Have you held a new five pound note in your hand yet and taken a good look at it? I have: in a word, YUK! I have no problem with the fact it’s a polymer note. The Australians have had plastic money for over twenty years and other nations more recently also. My quibble is the design.
The images above, as seen on my computer screen, are flattering: in real life, the contrast is reduced and the overall impression is of a blue-grey sludge, particularly on the font. Think of some mould that’s grown over something in the fridge you should have thrown out weeks ago. Or think of some image or sign left out in the sun and the picture and colours have faded.
And just look at the typography and calligraphy. The bold “5” has disappeared, as it did when the £20 note was last changed. That, the fussy typeface and the low contrast all make life more difficult for thousands of visually impaired people. All those squiggles look like the work of a very bored six year old in a school writing lesson.
Apart, of course, from the faces of the two individuals portrayed, the note looks like it could have been designed at any time between the fifteenth century and the 1940s. In fact it’s worse than that, as early 20th century movements such as art deco had a lasting and wide impact on modern design principles.
The UK is a world leader in good design. In diverse fields such as the arts, architecture and everyday household objects, we’re world class. For example, the London Tube Map, first published in the 1930s, is a design classic. The Design Council has been doing an excellent job for 70 years encouraging good design and new designers. It estimates that’s worth £71 billion a year, or 7% of the UK’s income (Gross Value Added to be technical). That’s nearly as much as the much valued (by politicians) financial services sector.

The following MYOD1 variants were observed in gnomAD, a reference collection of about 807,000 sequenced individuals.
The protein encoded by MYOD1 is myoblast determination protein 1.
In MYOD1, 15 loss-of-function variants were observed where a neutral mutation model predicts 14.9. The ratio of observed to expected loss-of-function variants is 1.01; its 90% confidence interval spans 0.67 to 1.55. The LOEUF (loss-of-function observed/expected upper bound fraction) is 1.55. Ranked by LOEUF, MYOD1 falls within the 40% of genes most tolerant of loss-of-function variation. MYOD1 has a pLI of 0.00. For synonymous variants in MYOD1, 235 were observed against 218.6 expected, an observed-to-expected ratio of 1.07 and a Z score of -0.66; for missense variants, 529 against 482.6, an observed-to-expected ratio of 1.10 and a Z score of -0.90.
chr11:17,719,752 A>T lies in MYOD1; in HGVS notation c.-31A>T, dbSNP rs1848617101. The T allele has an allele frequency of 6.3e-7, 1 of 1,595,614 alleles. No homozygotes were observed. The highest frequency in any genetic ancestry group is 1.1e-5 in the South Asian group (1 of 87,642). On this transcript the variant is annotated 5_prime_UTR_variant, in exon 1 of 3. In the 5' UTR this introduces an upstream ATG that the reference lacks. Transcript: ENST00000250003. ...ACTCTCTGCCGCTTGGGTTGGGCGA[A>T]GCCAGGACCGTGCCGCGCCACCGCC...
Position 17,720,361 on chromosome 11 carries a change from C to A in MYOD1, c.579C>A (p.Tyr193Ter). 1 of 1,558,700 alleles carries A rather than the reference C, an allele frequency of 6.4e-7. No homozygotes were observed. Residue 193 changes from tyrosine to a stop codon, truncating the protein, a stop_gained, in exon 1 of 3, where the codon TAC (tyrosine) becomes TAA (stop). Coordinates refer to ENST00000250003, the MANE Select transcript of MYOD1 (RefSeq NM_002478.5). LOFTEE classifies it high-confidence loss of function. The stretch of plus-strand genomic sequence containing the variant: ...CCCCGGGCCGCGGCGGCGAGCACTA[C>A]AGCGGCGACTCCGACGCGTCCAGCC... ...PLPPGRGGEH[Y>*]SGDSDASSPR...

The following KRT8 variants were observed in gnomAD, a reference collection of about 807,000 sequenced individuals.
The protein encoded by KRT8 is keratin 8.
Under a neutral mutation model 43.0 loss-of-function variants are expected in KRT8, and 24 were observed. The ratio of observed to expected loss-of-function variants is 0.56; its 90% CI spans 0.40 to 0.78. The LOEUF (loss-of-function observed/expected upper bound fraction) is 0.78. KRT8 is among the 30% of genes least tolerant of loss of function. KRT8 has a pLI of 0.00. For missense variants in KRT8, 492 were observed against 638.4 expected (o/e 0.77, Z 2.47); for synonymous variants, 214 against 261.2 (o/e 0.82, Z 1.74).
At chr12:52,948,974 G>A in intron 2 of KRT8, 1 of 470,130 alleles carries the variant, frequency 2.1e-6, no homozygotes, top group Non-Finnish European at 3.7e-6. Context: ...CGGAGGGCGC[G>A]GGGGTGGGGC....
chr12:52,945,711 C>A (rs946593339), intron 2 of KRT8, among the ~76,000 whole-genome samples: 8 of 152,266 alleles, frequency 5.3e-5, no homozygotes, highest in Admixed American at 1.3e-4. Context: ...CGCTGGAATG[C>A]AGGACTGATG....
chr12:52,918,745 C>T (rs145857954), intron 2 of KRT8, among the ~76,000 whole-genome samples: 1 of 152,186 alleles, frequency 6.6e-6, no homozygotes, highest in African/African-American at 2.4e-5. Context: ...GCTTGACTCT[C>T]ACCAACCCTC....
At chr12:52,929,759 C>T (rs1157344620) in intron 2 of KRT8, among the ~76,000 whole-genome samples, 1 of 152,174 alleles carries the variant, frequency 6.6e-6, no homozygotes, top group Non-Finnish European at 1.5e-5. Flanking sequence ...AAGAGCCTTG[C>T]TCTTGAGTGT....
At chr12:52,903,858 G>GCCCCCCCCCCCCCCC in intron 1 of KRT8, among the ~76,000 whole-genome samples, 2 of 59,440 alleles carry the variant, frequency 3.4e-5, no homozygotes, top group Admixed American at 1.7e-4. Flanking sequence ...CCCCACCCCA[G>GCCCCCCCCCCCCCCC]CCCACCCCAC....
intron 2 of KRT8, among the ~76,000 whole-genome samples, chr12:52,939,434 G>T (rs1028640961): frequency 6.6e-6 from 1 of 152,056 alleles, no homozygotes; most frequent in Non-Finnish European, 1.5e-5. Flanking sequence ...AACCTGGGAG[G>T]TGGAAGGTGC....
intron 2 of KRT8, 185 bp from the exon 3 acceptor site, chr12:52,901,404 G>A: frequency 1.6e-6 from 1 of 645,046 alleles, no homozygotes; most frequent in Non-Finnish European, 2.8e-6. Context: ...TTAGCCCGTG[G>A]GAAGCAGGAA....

Despite some internet research, I’ve not yet found any information telling me who was responsible for the design: certainly, the Design Council’s website search facility draws a blank. Whoever they were, they seem to be trapped in a time-warp bubble which significantly pre-dates the 21st century. The Bank of England does have a “Banknote Character Advisory Committee” (yes, really!) who are responsible for advising on which people’s faces appear on new banknotes. This Committee is reasonably diverse in its membership, which offers some hope. But for the actual design, does anyone know?
Oh, and one last thing: it should have been a coin.